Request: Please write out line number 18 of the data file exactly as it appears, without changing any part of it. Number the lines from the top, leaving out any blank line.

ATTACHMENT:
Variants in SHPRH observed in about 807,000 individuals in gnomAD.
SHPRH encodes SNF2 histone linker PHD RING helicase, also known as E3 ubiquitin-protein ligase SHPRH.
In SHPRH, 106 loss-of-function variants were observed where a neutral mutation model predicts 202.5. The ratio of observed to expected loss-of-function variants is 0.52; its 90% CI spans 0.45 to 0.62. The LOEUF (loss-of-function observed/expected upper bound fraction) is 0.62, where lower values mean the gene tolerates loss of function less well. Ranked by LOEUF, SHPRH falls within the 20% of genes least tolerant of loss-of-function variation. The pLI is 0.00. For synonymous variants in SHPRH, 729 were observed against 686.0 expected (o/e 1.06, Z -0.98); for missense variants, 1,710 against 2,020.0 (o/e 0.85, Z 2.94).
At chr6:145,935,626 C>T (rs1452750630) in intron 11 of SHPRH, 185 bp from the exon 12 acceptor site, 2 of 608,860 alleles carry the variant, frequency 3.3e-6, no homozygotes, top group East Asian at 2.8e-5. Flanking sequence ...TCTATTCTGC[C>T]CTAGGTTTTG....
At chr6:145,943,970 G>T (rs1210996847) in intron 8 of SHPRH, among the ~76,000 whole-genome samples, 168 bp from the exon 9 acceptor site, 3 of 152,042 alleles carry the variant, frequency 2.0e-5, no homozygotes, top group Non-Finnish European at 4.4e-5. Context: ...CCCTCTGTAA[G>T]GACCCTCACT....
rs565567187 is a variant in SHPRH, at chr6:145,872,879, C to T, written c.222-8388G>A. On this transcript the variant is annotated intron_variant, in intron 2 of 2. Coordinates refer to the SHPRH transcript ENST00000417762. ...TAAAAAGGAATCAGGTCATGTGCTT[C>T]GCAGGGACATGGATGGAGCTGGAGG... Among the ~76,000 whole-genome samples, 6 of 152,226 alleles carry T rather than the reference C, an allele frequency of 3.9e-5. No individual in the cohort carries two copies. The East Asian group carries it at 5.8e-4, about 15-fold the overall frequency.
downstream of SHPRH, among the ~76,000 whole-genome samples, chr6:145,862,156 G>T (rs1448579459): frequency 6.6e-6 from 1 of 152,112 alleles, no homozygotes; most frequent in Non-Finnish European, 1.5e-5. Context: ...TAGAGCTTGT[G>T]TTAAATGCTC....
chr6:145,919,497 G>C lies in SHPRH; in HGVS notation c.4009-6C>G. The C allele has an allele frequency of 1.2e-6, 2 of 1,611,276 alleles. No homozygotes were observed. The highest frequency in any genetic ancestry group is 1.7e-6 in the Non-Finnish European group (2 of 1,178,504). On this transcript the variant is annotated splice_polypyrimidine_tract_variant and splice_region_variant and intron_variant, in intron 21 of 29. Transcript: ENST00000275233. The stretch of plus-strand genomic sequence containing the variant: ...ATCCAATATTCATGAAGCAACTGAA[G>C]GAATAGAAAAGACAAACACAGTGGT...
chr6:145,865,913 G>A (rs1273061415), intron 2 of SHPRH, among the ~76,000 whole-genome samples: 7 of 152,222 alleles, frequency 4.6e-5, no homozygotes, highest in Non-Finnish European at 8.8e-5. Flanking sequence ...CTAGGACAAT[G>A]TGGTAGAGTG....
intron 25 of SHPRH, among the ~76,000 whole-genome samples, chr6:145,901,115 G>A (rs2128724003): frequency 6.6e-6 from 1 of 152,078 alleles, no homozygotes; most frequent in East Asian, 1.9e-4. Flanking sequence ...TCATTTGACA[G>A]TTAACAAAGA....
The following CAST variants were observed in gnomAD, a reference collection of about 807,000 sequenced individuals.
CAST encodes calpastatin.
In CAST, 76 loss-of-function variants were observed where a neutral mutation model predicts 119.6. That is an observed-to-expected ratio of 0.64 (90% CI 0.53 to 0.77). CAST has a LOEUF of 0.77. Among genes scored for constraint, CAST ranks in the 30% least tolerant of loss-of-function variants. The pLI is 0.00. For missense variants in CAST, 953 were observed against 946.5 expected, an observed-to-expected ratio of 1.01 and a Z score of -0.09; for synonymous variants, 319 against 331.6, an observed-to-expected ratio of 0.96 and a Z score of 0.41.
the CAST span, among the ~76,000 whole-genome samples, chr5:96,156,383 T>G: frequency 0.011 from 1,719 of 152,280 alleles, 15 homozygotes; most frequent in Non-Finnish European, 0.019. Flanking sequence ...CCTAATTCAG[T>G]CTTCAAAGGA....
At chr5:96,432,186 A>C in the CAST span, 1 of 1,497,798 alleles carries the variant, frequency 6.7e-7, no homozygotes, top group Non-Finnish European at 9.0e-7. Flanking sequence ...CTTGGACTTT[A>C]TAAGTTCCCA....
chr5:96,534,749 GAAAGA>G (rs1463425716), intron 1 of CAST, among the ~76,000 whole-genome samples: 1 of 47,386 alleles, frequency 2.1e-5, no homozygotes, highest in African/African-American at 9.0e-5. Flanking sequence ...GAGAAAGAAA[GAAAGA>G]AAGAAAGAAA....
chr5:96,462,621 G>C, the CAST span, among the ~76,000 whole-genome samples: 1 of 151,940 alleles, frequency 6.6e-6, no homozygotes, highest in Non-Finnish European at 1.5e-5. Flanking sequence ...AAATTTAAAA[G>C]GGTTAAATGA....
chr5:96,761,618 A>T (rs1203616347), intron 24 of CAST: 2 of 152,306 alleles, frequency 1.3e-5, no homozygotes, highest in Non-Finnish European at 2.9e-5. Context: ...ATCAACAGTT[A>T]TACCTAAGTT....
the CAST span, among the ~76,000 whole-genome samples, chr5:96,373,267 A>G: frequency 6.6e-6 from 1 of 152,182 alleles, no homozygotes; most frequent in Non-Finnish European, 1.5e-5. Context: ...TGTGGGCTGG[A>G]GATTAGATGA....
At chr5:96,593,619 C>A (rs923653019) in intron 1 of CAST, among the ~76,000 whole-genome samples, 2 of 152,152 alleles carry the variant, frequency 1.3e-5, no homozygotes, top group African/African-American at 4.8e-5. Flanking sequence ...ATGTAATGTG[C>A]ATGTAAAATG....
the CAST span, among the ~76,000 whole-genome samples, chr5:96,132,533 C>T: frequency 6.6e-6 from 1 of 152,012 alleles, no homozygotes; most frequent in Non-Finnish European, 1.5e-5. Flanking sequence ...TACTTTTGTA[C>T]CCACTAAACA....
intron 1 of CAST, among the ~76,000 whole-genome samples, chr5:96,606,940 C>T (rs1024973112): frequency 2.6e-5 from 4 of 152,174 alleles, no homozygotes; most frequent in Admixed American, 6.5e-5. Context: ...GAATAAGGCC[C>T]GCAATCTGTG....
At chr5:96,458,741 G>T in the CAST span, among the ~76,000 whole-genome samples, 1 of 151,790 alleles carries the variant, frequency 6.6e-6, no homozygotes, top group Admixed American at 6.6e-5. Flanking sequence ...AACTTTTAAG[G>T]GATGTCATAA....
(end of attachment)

chr5:96,761,618 A>T (rs1203616347), intron 24 of CAST: 2 of 152,306 alleles, frequency 1.3e-5, no homozygotes, highest in Non-Finnish European at 2.9e-5. Context: ...ATCAACAGTT[A>T]TACCTAAGTT....